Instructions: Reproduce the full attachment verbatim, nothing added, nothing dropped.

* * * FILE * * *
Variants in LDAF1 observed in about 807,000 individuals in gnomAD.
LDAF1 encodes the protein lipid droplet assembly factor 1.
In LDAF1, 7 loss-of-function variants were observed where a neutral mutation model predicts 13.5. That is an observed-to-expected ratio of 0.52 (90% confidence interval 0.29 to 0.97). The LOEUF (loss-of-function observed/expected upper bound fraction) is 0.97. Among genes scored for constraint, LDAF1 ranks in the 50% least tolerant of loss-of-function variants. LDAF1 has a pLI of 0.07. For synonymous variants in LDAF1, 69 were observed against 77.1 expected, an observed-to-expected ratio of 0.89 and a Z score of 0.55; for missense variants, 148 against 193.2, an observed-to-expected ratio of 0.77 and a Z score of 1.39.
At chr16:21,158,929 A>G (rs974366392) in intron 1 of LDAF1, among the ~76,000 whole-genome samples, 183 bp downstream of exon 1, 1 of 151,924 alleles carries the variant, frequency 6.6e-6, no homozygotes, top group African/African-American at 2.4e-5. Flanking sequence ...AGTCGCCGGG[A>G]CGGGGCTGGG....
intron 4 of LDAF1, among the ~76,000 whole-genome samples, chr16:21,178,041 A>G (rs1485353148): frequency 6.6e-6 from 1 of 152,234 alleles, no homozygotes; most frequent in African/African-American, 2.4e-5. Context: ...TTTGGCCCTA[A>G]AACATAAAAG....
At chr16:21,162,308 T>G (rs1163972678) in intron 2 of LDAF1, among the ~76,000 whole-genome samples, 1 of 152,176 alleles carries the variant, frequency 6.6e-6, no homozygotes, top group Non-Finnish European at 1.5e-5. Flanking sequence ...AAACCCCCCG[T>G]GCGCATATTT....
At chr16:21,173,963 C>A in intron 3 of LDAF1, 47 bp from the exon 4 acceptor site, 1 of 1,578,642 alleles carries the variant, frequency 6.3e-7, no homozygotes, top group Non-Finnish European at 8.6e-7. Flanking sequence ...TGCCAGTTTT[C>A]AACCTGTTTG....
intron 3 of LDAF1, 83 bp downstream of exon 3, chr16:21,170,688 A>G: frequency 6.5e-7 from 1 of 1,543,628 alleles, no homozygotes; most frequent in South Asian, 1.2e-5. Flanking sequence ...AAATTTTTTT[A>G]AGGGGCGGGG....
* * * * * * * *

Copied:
Variants in LDAF1 observed in about 807,000 individuals in gnomAD.
LDAF1 encodes the protein lipid droplet assembly factor 1.
In LDAF1, 7 loss-of-function variants were observed where a neutral mutation model predicts 13.5. That is an observed-to-expected ratio of 0.52 (90% confidence interval 0.29 to 0.97). The LOEUF (loss-of-function observed/expected upper bound fraction) is 0.97. Among genes scored for constraint, LDAF1 ranks in the 50% least tolerant of loss-of-function variants. LDAF1 has a pLI of 0.07. For synonymous variants in LDAF1, 69 were observed against 77.1 expected, an observed-to-expected ratio of 0.89 and a Z score of 0.55; for missense variants, 148 against 193.2, an observed-to-expected ratio of 0.77 and a Z score of 1.39.
At chr16:21,158,929 A>G (rs974366392) in intron 1 of LDAF1, among the ~76,000 whole-genome samples, 183 bp downstream of exon 1, 1 of 151,924 alleles carries the variant, frequency 6.6e-6, no homozygotes, top group African/African-American at 2.4e-5. Flanking sequence ...AGTCGCCGGG[A>G]CGGGGCTGGG....
intron 4 of LDAF1, among the ~76,000 whole-genome samples, chr16:21,178,041 A>G (rs1485353148): frequency 6.6e-6 from 1 of 152,234 alleles, no homozygotes; most frequent in African/African-American, 2.4e-5. Context: ...TTTGGCCCTA[A>G]AACATAAAAG....
At chr16:21,162,308 T>G (rs1163972678) in intron 2 of LDAF1, among the ~76,000 whole-genome samples, 1 of 152,176 alleles carries the variant, frequency 6.6e-6, no homozygotes, top group Non-Finnish European at 1.5e-5. Flanking sequence ...AAACCCCCCG[T>G]GCGCATATTT....
At chr16:21,173,963 C>A in intron 3 of LDAF1, 47 bp from the exon 4 acceptor site, 1 of 1,578,642 alleles carries the variant, frequency 6.3e-7, no homozygotes, top group Non-Finnish European at 8.6e-7. Flanking sequence ...TGCCAGTTTT[C>A]AACCTGTTTG....
intron 3 of LDAF1, 83 bp downstream of exon 3, chr16:21,170,688 A>G: frequency 6.5e-7 from 1 of 1,543,628 alleles, no homozygotes; most frequent in South Asian, 1.2e-5. Flanking sequence ...AAATTTTTTT[A>G]AGGGGCGGGG....